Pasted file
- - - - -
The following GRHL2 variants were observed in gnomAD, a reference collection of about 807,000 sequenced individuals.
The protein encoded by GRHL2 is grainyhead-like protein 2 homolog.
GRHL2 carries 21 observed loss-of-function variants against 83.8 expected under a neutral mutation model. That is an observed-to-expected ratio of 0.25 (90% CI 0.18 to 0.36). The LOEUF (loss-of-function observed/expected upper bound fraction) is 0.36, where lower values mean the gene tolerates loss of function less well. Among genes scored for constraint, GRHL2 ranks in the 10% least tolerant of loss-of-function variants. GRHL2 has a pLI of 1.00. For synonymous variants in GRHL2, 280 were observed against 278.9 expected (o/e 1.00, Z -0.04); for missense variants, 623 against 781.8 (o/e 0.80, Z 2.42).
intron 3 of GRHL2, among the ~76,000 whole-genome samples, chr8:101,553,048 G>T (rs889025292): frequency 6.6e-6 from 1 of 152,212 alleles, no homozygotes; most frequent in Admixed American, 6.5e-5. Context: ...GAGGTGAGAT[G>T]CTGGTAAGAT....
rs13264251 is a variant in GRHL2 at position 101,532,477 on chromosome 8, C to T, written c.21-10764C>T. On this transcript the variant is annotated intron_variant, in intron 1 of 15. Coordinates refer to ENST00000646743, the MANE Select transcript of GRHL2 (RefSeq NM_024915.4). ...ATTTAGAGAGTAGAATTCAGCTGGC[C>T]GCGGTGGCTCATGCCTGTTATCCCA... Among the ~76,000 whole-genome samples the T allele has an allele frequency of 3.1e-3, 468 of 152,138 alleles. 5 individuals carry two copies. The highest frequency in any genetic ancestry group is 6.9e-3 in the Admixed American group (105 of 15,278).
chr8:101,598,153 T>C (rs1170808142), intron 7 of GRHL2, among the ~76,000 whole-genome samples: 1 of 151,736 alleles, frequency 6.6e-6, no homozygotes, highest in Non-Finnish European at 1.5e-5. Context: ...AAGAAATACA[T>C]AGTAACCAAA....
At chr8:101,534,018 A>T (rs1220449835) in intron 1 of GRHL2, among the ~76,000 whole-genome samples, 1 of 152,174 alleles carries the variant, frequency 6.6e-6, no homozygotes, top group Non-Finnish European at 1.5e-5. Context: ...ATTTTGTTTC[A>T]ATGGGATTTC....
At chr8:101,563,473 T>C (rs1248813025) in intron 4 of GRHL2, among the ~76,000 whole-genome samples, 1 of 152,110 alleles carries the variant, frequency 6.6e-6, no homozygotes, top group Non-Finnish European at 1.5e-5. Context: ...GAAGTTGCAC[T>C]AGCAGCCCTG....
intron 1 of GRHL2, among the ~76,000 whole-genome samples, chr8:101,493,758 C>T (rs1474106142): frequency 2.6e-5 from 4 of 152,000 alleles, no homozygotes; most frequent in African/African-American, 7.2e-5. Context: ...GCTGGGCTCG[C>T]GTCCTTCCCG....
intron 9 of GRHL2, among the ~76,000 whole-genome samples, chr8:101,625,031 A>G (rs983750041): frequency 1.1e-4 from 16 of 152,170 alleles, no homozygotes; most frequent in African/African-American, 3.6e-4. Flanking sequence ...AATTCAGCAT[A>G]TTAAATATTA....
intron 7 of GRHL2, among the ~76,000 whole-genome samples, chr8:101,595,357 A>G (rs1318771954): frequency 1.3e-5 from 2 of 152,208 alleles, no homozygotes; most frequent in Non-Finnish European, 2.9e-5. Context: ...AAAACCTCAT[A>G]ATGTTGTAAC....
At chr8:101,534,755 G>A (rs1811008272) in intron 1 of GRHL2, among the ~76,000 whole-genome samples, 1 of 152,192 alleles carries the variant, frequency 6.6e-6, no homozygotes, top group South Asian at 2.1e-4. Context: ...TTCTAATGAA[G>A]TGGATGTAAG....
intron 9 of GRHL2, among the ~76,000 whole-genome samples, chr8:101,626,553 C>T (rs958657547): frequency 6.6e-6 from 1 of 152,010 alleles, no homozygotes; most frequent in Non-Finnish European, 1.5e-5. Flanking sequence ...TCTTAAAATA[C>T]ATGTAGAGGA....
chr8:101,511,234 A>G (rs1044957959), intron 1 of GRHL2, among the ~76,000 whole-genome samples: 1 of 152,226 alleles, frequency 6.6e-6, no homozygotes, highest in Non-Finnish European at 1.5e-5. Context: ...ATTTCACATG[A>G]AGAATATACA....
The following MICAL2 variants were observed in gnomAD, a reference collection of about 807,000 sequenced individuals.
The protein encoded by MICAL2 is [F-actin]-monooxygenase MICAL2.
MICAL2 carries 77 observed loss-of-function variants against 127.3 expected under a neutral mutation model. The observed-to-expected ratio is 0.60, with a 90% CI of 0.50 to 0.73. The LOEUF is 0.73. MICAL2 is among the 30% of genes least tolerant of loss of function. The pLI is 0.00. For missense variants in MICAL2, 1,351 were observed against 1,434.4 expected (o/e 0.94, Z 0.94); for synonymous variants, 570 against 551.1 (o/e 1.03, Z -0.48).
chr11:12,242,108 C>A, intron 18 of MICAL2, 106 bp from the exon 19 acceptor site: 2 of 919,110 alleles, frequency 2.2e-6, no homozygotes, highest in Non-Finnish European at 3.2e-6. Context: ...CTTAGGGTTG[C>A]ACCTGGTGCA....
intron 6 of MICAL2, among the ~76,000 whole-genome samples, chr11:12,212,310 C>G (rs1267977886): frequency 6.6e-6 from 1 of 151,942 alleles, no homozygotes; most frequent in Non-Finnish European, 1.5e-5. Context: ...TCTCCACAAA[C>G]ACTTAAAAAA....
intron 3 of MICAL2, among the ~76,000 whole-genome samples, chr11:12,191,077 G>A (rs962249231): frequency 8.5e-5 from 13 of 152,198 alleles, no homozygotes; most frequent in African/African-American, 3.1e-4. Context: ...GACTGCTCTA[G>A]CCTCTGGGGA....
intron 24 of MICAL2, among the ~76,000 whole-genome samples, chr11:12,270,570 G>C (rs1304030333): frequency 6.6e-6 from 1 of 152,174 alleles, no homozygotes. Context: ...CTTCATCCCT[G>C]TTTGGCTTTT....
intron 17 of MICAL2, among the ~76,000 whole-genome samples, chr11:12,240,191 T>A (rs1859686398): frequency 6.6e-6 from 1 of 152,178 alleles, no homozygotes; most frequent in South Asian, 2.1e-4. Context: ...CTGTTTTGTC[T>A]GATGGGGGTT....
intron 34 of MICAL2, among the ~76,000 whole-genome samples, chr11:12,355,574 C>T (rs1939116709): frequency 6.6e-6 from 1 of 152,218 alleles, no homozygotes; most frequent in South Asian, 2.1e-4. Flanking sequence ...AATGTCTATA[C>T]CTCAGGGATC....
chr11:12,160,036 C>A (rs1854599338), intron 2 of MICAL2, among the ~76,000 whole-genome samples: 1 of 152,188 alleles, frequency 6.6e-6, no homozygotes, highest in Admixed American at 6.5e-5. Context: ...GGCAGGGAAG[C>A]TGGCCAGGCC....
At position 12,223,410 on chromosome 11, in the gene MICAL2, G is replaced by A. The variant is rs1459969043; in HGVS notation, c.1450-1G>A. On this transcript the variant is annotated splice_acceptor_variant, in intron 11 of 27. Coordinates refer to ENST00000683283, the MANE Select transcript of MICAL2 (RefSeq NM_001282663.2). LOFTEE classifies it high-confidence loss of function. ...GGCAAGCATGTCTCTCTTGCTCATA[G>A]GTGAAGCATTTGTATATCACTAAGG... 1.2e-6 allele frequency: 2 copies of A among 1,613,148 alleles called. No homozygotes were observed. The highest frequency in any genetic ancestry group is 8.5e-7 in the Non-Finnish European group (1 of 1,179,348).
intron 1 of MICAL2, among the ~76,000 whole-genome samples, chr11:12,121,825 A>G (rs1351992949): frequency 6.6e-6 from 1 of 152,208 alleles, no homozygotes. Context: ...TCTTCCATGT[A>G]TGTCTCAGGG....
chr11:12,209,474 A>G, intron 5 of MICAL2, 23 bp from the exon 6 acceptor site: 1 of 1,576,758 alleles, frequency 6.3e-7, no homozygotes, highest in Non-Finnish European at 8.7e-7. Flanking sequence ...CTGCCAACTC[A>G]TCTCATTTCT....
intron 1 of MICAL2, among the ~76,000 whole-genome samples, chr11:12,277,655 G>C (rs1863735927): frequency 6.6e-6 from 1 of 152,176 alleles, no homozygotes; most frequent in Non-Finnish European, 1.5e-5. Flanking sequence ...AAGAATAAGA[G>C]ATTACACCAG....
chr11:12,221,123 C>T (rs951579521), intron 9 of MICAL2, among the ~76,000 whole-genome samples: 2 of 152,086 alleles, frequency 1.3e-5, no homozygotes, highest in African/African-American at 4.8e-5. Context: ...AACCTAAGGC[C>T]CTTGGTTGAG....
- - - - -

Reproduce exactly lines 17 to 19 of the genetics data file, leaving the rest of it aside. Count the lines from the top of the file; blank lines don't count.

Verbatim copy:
MICAL2 carries 77 observed loss-of-function variants against 127.3 expected under a neutral mutation model. The observed-to-expected ratio is 0.60, with a 90% CI of 0.50 to 0.73. The LOEUF is 0.73. MICAL2 is among the 30% of genes least tolerant of loss of function. The pLI is 0.00. For missense variants in MICAL2, 1,351 were observed against 1,434.4 expected (o/e 0.94, Z 0.94); for synonymous variants, 570 against 551.1 (o/e 1.03, Z -0.48).
chr11:12,242,108 C>A, intron 18 of MICAL2, 106 bp from the exon 19 acceptor site: 2 of 919,110 alleles, frequency 2.2e-6, no homozygotes, highest in Non-Finnish European at 3.2e-6. Context: ...CTTAGGGTTG[C>A]ACCTGGTGCA....
intron 6 of MICAL2, among the ~76,000 whole-genome samples, chr11:12,212,310 C>G (rs1267977886): frequency 6.6e-6 from 1 of 151,942 alleles, no homozygotes; most frequent in Non-Finnish European, 1.5e-5. Context: ...TCTCCACAAA[C>G]ACTTAAAAAA....